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JAMES EARLE FRASER
A precocious draftsman and sculptor at a young age, James Earle Fraser (1876-1953) completed a model for his well known sculpture The End of the Trail at age 17, while a student at the Art Institute of Chicago. In 1893, Fraser moved to Paris to study at the École des Beaux Arts. A small bronze cast of The End of the Trail was included in the 1898 Salon, where it caught the attention of renowned sculptor Augustus Saint Gaudens. Fraser became Saint Gaudens' assistant and worked with him for four years before returning to the United States, finally establishing his own studio in Macdougal Alley in Greenwich Village. Throughout his long career, Fraser received numerous commissions for large-scale public sculptures, as well as for medals and coins. These include the figure of Alexander Hamilton for the U.S. Treasury Building in Washington, D.C, the Theodore Roosevelt Memorial in New York's Central Park, and the five-cent piece known as the "buffalo nickel." The nickel was struck during the same year that Fraser exhibited some of his works in the Armory Show of 1913. Fraser was a sculpture instructor at the Art Students League from 1906 through 1911.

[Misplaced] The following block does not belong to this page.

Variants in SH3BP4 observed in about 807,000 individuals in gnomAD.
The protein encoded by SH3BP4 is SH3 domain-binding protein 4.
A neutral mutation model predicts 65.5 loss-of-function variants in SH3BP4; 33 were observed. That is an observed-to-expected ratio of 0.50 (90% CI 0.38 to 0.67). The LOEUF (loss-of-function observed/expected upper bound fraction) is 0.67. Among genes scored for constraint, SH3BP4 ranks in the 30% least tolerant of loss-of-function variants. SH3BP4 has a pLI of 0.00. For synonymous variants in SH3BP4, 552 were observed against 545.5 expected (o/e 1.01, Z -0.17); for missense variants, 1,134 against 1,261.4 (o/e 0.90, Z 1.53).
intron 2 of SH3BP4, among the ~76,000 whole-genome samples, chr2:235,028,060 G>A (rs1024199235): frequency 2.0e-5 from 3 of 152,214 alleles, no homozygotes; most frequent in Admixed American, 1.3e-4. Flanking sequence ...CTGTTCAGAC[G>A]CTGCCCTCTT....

"James E. Fraser: American Sculptor" in Craftsman 18.3 (June 1910)
The Craftsman was published and edited by Gustav Stickley, the leader of the American Arts and Crafts movement. The article on Fraser emphasizes the artist's ability to capture in his work a sensibility that is intimately tied to his American identity.